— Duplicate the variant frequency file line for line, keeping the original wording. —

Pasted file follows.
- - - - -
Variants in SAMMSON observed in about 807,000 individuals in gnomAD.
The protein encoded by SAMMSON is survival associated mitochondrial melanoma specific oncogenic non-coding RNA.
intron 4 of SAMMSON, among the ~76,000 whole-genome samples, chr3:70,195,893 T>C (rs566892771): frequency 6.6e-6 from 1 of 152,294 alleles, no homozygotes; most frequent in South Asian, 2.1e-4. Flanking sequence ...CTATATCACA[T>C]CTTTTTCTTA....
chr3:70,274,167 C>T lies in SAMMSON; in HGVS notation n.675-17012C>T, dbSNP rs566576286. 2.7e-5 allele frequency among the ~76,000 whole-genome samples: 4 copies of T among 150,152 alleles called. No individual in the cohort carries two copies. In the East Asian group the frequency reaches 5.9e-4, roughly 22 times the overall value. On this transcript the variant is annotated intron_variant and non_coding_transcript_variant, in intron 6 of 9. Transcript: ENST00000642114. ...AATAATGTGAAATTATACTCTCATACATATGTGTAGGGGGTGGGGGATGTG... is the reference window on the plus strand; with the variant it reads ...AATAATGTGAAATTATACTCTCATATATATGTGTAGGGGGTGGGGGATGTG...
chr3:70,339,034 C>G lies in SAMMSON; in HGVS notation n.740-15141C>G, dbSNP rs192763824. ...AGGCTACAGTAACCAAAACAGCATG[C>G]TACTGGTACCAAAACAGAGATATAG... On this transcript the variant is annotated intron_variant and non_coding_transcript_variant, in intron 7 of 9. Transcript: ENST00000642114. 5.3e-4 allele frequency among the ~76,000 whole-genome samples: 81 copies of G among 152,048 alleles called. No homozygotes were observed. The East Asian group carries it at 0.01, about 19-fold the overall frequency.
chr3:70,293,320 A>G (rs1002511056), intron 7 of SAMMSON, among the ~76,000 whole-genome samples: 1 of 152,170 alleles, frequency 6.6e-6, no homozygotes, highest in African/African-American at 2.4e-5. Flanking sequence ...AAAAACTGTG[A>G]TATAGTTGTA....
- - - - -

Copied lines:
Variants in SAMMSON observed in about 807,000 individuals in gnomAD.
The protein encoded by SAMMSON is survival associated mitochondrial melanoma specific oncogenic non-coding RNA.
intron 4 of SAMMSON, among the ~76,000 whole-genome samples, chr3:70,195,893 T>C (rs566892771): frequency 6.6e-6 from 1 of 152,294 alleles, no homozygotes; most frequent in South Asian, 2.1e-4. Flanking sequence ...CTATATCACA[T>C]CTTTTTCTTA....
chr3:70,274,167 C>T lies in SAMMSON; in HGVS notation n.675-17012C>T, dbSNP rs566576286. 2.7e-5 allele frequency among the ~76,000 whole-genome samples: 4 copies of T among 150,152 alleles called. No individual in the cohort carries two copies. In the East Asian group the frequency reaches 5.9e-4, roughly 22 times the overall value. On this transcript the variant is annotated intron_variant and non_coding_transcript_variant, in intron 6 of 9. Transcript: ENST00000642114. ...AATAATGTGAAATTATACTCTCATACATATGTGTAGGGGGTGGGGGATGTG... is the reference window on the plus strand; with the variant it reads ...AATAATGTGAAATTATACTCTCATATATATGTGTAGGGGGTGGGGGATGTG...
chr3:70,339,034 C>G lies in SAMMSON; in HGVS notation n.740-15141C>G, dbSNP rs192763824. ...AGGCTACAGTAACCAAAACAGCATG[C>G]TACTGGTACCAAAACAGAGATATAG... On this transcript the variant is annotated intron_variant and non_coding_transcript_variant, in intron 7 of 9. Transcript: ENST00000642114. 5.3e-4 allele frequency among the ~76,000 whole-genome samples: 81 copies of G among 152,048 alleles called. No homozygotes were observed. The East Asian group carries it at 0.01, about 19-fold the overall frequency.
chr3:70,293,320 A>G (rs1002511056), intron 7 of SAMMSON, among the ~76,000 whole-genome samples: 1 of 152,170 alleles, frequency 6.6e-6, no homozygotes, highest in African/African-American at 2.4e-5. Flanking sequence ...AAAAACTGTG[A>G]TATAGTTGTA....